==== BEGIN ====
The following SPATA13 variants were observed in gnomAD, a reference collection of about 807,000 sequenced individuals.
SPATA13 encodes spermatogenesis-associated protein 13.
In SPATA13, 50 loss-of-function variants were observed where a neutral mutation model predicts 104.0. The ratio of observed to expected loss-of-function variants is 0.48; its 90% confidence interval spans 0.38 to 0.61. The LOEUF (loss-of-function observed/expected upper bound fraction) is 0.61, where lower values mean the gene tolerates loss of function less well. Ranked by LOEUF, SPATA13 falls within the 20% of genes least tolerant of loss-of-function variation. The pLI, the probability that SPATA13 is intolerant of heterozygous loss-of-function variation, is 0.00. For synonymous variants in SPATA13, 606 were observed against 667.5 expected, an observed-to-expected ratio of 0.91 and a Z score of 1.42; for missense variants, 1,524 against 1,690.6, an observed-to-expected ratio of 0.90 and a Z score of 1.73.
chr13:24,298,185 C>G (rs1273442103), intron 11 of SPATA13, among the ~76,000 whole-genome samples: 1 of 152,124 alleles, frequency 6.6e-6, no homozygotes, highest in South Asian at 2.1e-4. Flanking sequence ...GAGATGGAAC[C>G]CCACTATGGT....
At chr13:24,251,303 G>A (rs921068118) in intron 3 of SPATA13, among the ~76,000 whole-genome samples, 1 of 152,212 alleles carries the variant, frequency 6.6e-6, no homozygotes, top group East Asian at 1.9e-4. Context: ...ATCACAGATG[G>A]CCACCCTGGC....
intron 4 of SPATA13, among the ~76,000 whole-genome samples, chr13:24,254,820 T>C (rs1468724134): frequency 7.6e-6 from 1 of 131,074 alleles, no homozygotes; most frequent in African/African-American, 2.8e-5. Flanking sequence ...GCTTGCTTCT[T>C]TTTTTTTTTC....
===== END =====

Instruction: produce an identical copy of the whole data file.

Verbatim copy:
The following SPATA13 variants were observed in gnomAD, a reference collection of about 807,000 sequenced individuals.
SPATA13 encodes spermatogenesis-associated protein 13.
In SPATA13, 50 loss-of-function variants were observed where a neutral mutation model predicts 104.0. The ratio of observed to expected loss-of-function variants is 0.48; its 90% confidence interval spans 0.38 to 0.61. The LOEUF (loss-of-function observed/expected upper bound fraction) is 0.61, where lower values mean the gene tolerates loss of function less well. Ranked by LOEUF, SPATA13 falls within the 20% of genes least tolerant of loss-of-function variation. The pLI, the probability that SPATA13 is intolerant of heterozygous loss-of-function variation, is 0.00. For synonymous variants in SPATA13, 606 were observed against 667.5 expected, an observed-to-expected ratio of 0.91 and a Z score of 1.42; for missense variants, 1,524 against 1,690.6, an observed-to-expected ratio of 0.90 and a Z score of 1.73.
chr13:24,298,185 C>G (rs1273442103), intron 11 of SPATA13, among the ~76,000 whole-genome samples: 1 of 152,124 alleles, frequency 6.6e-6, no homozygotes, highest in South Asian at 2.1e-4. Flanking sequence ...GAGATGGAAC[C>G]CCACTATGGT....
At chr13:24,251,303 G>A (rs921068118) in intron 3 of SPATA13, among the ~76,000 whole-genome samples, 1 of 152,212 alleles carries the variant, frequency 6.6e-6, no homozygotes, top group East Asian at 1.9e-4. Context: ...ATCACAGATG[G>A]CCACCCTGGC....
intron 4 of SPATA13, among the ~76,000 whole-genome samples, chr13:24,254,820 T>C (rs1468724134): frequency 7.6e-6 from 1 of 131,074 alleles, no homozygotes; most frequent in African/African-American, 2.8e-5. Flanking sequence ...GCTTGCTTCT[T>C]TTTTTTTTTC....